The memorabilia display cases near the main entrance of the arena, along with a ceiling full of banners and achievements already give Yale hockey a great representation. However, the real story begins in a somewhat hidden lower level, where a relatively new "Heritage Area" features beautiful displays that perfectly showcase the long history of hockey at Yale. To go along with a timeline, blue and white panels describe various pieces of history that are focused on players, coaches, milestones, arenas and memorable moments. Be sure not to miss this section of the arena.
Worth another point is the building's design. In a league like the ECAC, where drab, uniform buildings are common, Ingalls Rink has stood out for more than 50 years. There are not too many sports facilities who receive mention in The American Institute of Architects, but Ingalls is one of them.
Attending a game at Yale is highlighted by being in an arena unlike any other, as The Whale is captivating. Sitting under the high-arcing, undulating roof is a seating area that certainly is old-school and though the best option may be to stand, it is definitively college hockey. The program is doing well and fans fill a good portion of the building to make Ingalls Rink a worthy Stadium Journey.
Follow all of Sean's journeys at Stadium and Arena Visits.
Member Review by puckmanri on Dec 09, 2013
Named after Yale alumni and hockey captains David S. Ingalls, Yale class of 1920 and David S. Ingalls Jr., Yale class of 1956, Ingalls rink was designed by famed architect Eero Saarinen, Yale class of 1934. In addition to captaining their respective Yale hockey teams, the Ingalls were the largest benefactors of the rink. The arena features a distinctive humpbacked roof supported by a 300 foot backbone meant to suggest the speed and grace of an ice skater. This roof gives Ingalls Rink its nickname, the “Yale Whale”. The building was included on the America's Favorite Architecture list, created in 2007 by the American Institute of Architects.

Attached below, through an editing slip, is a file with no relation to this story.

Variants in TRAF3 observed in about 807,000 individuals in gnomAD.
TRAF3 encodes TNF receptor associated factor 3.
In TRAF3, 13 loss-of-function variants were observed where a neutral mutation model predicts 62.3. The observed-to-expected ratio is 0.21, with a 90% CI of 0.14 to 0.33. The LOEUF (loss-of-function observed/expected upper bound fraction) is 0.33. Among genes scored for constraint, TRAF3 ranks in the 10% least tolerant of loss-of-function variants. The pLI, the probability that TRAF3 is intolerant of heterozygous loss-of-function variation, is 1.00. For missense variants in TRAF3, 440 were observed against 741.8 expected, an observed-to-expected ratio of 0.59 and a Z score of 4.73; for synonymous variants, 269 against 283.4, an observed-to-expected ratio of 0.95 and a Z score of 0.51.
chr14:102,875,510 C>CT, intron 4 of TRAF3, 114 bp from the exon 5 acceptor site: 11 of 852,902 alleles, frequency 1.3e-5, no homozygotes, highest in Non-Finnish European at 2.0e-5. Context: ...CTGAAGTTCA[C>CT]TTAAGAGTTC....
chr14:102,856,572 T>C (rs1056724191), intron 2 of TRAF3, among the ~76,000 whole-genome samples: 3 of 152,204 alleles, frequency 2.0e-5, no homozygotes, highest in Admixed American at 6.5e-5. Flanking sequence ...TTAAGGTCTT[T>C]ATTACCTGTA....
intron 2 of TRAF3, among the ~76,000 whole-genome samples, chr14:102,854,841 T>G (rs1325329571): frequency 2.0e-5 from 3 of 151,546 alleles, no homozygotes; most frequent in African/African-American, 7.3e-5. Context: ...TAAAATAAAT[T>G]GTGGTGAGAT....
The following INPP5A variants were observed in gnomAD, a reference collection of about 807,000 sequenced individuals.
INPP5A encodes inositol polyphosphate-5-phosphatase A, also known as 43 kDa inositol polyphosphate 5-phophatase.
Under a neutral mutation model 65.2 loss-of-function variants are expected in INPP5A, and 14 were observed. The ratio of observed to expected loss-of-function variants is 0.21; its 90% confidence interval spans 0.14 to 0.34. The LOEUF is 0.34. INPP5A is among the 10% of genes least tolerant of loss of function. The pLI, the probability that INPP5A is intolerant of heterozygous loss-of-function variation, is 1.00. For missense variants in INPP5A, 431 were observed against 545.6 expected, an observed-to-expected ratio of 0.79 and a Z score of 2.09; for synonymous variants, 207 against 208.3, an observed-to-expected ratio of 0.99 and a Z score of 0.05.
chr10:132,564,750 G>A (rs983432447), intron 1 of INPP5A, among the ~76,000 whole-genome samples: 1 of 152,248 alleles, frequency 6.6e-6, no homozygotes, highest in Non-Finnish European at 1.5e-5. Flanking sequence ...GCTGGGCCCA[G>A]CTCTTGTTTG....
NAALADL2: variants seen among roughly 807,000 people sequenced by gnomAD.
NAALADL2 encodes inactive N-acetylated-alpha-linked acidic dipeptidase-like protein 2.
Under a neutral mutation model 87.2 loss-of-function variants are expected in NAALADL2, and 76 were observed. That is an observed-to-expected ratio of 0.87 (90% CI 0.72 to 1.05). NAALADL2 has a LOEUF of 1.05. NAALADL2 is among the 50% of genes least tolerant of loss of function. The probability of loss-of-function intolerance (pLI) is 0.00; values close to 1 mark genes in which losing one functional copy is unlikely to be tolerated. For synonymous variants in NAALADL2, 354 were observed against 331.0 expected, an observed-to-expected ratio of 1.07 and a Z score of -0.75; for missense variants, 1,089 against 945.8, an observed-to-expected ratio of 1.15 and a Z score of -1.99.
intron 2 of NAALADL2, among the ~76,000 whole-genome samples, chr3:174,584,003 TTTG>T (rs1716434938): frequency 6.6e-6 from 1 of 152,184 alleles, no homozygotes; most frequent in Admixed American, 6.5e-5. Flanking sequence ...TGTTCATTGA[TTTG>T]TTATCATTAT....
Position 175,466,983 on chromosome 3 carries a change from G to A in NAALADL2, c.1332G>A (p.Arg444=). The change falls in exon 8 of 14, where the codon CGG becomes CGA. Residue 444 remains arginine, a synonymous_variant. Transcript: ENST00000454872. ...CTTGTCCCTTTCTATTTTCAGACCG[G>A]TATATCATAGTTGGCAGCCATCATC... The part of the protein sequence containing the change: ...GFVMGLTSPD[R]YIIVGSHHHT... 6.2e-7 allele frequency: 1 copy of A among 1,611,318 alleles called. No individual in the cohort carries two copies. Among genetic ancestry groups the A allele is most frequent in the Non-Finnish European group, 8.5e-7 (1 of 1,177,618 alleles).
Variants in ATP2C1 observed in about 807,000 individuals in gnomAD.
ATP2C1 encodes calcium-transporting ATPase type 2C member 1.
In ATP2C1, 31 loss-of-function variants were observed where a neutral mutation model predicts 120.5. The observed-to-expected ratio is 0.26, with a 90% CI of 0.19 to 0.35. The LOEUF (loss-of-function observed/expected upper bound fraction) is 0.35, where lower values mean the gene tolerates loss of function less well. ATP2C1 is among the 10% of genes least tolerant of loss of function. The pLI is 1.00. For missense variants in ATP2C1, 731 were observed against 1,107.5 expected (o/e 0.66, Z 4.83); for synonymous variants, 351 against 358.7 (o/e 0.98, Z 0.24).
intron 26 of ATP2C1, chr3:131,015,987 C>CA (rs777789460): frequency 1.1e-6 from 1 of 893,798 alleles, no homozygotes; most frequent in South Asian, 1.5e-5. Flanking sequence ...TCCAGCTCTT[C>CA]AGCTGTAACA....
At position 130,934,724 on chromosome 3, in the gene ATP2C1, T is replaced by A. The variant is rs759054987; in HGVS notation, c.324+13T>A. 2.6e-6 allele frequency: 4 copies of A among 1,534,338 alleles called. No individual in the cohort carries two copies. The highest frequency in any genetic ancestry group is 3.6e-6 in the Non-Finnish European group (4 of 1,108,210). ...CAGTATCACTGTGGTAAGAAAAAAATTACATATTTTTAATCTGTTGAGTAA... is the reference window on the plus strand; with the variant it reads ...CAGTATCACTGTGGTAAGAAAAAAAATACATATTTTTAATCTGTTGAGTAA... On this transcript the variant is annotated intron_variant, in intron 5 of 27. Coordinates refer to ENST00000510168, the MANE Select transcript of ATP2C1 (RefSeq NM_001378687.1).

With an announced capacity of 3,500, Ingalls Rink consists of 16 sections of wooden bleachers with seat backs. Due to the unique design of the arena, every section is a different shape and size. Standing room is available at the top of the seating bowl for the entire circumference of the rink. Ingalls Rink hosts not only the Yale men’s and women’s varsity hockey teams, but also Yale Club Hockey, Yale College Intramural hockey, the Yale Figure Skating Club, Yale Youth Hockey, university skating, and many other recreational skating groups. This rink is almost constantly in use.
Member Review by diloveshockey on Dec 09, 2013
One of the greatest places to see a college hockey game. There's nothing more exciting, than being inside the Whale!!! Great architecture, and fabulous history in the basement. Not to mention the high tech training facilities for the teams.
Member Review by sportsroadtrips on Dec 08, 2014
If you want a cheap snack, try the vending machines on the lower level. Games last two hours, so avoid the food here and eat at one of the nearby bars or restaurants, I like Box63 about 10 minutes away.
The rink is cool on the outside and on the inside. Get there a little early and check out the downstairs displays dedicated to a growing program. Their 2013 championship banner is superb, a testament to how a relatively small school can succeed in NCAA hockey.
You can walk here from downtown New Haven, so no comment on parking. Tickets are cheap and well worth the investment. Places like this are what makes sports travel so rewarding.